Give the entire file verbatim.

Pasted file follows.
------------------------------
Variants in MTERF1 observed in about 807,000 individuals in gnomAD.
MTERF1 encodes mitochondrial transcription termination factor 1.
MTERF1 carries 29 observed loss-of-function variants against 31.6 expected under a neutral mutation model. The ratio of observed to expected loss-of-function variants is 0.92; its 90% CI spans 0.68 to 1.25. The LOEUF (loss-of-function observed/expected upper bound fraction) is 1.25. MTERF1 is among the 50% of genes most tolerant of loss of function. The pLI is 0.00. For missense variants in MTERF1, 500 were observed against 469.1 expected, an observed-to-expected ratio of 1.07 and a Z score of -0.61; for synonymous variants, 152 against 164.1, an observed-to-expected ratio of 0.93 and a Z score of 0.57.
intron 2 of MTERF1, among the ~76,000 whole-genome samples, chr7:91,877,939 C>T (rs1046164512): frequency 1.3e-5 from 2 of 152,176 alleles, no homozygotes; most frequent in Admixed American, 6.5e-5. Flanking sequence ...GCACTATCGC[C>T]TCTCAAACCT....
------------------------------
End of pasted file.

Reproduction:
Variants in MTERF1 observed in about 807,000 individuals in gnomAD.
MTERF1 encodes mitochondrial transcription termination factor 1.
MTERF1 carries 29 observed loss-of-function variants against 31.6 expected under a neutral mutation model. The ratio of observed to expected loss-of-function variants is 0.92; its 90% CI spans 0.68 to 1.25. The LOEUF (loss-of-function observed/expected upper bound fraction) is 1.25. MTERF1 is among the 50% of genes most tolerant of loss of function. The pLI is 0.00. For missense variants in MTERF1, 500 were observed against 469.1 expected, an observed-to-expected ratio of 1.07 and a Z score of -0.61; for synonymous variants, 152 against 164.1, an observed-to-expected ratio of 0.93 and a Z score of 0.57.
intron 2 of MTERF1, among the ~76,000 whole-genome samples, chr7:91,877,939 C>T (rs1046164512): frequency 1.3e-5 from 2 of 152,176 alleles, no homozygotes; most frequent in Admixed American, 6.5e-5. Flanking sequence ...GCACTATCGC[C>T]TCTCAAACCT....